"We have no respect for the institutions, because they do not answer to the people. We will create our own institutions, which will belong to the people," Lopez Obrador told thousands of his followers Sunday.
Since late July, his supporters have been blocking traffic and camping out on Mexico City's main Reforma avenue and the central Zocalo plaza.
Lopez Obrador has repeatedly stated that he will not recognize the electoral court's ruling unless a total recount of the votes is carried out. However, the electoral court decided on a partial recount, which did not modify the outcome of the elections.
The leftwing coalition has warned that if Calderon is confirmed as president-elect, Lopez Obrador will be declared the country's "legitimate" president by a people's assembly.
Lopez Obrador has charged that electoral court judges have been bribed, although he has not presented any evidence to prove his allegation.
In the last 10 years, the rulings of the electoral court, whose members are chosen by consensus by all of the political parties, including the left, have never been questioned nor have its members been accused of bias or corruption.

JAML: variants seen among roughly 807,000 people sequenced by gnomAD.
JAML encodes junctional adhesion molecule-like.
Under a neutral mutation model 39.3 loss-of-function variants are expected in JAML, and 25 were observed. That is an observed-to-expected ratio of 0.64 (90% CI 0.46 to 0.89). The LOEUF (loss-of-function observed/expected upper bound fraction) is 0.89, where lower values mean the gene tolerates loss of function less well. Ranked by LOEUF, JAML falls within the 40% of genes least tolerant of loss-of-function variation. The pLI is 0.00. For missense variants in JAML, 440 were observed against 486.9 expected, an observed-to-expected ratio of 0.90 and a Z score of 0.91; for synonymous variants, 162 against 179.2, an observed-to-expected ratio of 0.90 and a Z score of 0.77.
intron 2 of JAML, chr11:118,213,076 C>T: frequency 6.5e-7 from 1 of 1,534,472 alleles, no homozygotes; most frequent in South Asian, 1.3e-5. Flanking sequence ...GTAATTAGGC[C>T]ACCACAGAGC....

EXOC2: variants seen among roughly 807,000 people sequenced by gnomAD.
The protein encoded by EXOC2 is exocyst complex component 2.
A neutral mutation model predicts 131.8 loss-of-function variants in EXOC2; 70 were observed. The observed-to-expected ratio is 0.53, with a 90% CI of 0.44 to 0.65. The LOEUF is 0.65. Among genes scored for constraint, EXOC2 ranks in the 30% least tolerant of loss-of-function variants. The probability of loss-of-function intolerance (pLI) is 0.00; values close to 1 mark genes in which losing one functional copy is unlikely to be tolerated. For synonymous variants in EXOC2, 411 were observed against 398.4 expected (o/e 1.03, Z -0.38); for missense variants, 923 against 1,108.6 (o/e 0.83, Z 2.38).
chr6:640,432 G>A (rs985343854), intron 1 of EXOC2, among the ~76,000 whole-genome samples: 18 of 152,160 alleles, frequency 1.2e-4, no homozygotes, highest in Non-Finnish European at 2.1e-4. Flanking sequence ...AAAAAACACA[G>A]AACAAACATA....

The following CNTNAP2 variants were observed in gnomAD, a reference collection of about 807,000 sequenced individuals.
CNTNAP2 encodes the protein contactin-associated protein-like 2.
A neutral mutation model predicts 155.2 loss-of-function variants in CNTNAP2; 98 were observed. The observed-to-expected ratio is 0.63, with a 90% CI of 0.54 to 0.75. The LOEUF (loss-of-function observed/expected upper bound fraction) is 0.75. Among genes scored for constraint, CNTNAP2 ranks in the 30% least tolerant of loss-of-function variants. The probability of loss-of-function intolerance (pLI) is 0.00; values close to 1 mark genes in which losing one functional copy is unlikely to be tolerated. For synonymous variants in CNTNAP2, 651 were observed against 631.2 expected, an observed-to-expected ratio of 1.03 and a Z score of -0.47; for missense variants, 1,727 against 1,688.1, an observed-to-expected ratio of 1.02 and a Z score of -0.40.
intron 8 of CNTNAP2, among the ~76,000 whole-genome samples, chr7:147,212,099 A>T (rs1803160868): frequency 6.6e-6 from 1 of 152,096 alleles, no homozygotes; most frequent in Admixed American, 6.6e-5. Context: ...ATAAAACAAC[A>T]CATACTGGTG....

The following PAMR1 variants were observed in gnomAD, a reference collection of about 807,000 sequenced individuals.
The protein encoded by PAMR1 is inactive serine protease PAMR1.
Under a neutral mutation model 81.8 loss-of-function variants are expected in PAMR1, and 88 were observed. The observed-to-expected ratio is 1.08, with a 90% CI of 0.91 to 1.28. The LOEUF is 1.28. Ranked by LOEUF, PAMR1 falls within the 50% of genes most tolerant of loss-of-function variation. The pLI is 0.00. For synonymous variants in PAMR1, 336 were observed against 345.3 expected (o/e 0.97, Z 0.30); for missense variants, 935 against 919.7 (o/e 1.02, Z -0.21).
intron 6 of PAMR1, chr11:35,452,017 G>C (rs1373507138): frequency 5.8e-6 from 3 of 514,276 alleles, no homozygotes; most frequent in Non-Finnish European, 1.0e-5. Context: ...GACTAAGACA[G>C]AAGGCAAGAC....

In the seven decades of PRI rule, electoral fraud was common. However, over the past 20 years, nonpartisan, fully autonomous national election institutions were created, which international observers have held up as examples for other countries.
But since the July elections, the institutions have found themselves in crisis, and today all political actors agree on the need for reforms in order to avoid a future repeat of the current stand-off.
Global Exchange, which has observed elections in a dozen countries since 1994, suggests that Mexico's election laws be modified to allow a second round of voting in the case of extremely tight races, which would not only "guarantee the legitimacy of the winner," but would also reduce the length and cost of elections.
Ted Lewis, the head of the Global Exchange election observers mission, also recommended that Mexico reform its electoral laws to allow a second round of voting in extremely tight races, which he said "would guarantee the legitimacy of the winner in the elections," as well as reduce the length and cost of campaigns
Although Lewis said Mexico's election laws and institutions had made significant advances in recent years, he added that it is important today to ensure that they offer Mexican voters the greatest possible certainty and transparency.